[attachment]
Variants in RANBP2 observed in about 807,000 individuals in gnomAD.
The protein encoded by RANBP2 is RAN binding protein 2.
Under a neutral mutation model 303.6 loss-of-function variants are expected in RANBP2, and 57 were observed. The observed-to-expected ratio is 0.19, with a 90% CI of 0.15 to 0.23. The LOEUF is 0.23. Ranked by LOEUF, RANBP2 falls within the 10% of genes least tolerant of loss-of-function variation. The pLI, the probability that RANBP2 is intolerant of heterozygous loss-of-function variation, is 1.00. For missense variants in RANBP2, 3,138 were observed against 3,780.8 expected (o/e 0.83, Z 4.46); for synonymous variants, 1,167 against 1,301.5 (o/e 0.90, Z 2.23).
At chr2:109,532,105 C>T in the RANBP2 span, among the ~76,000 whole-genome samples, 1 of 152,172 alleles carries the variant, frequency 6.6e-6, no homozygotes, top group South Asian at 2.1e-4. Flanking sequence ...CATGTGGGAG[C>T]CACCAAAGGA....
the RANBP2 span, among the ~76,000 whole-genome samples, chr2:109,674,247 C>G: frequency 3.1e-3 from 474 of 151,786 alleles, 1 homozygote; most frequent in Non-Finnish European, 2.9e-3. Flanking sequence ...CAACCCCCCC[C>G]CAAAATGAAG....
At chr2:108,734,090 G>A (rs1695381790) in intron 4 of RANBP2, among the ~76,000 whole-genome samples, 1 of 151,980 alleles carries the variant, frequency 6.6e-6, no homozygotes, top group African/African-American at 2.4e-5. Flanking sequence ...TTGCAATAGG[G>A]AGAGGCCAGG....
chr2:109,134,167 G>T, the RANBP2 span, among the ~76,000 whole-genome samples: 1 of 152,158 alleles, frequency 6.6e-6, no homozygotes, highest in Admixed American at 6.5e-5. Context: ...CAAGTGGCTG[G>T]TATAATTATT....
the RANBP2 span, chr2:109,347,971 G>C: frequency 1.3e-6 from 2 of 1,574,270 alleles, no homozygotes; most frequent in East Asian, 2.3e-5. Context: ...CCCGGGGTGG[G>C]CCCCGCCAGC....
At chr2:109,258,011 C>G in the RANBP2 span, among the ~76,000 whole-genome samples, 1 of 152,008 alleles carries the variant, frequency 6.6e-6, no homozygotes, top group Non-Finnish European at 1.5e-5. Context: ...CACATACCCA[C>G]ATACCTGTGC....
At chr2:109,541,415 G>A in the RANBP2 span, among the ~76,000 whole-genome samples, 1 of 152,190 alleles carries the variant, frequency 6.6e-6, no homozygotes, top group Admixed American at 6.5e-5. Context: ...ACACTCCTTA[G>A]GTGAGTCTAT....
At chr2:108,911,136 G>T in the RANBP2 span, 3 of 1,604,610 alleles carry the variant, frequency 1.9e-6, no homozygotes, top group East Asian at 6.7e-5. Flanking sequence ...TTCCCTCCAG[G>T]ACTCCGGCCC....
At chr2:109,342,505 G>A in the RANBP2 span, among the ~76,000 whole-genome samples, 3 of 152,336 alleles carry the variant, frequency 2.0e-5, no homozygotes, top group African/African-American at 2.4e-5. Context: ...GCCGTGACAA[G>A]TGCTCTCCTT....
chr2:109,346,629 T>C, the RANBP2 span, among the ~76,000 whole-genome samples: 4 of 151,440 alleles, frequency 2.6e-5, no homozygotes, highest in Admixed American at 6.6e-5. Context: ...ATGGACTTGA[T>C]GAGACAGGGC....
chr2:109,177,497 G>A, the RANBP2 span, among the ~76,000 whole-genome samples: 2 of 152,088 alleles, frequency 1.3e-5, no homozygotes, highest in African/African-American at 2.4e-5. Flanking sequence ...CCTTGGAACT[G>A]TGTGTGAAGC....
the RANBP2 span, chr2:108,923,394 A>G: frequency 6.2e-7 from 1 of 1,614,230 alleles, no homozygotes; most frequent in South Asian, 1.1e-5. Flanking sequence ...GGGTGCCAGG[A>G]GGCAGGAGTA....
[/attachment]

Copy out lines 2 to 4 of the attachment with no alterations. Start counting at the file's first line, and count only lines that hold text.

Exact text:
The protein encoded by RANBP2 is RAN binding protein 2.
Under a neutral mutation model 303.6 loss-of-function variants are expected in RANBP2, and 57 were observed. The observed-to-expected ratio is 0.19, with a 90% CI of 0.15 to 0.23. The LOEUF is 0.23. Ranked by LOEUF, RANBP2 falls within the 10% of genes least tolerant of loss-of-function variation. The pLI, the probability that RANBP2 is intolerant of heterozygous loss-of-function variation, is 1.00. For missense variants in RANBP2, 3,138 were observed against 3,780.8 expected (o/e 0.83, Z 4.46); for synonymous variants, 1,167 against 1,301.5 (o/e 0.90, Z 2.23).
At chr2:109,532,105 C>T in the RANBP2 span, among the ~76,000 whole-genome samples, 1 of 152,172 alleles carries the variant, frequency 6.6e-6, no homozygotes, top group South Asian at 2.1e-4. Flanking sequence ...CATGTGGGAG[C>T]CACCAAAGGA....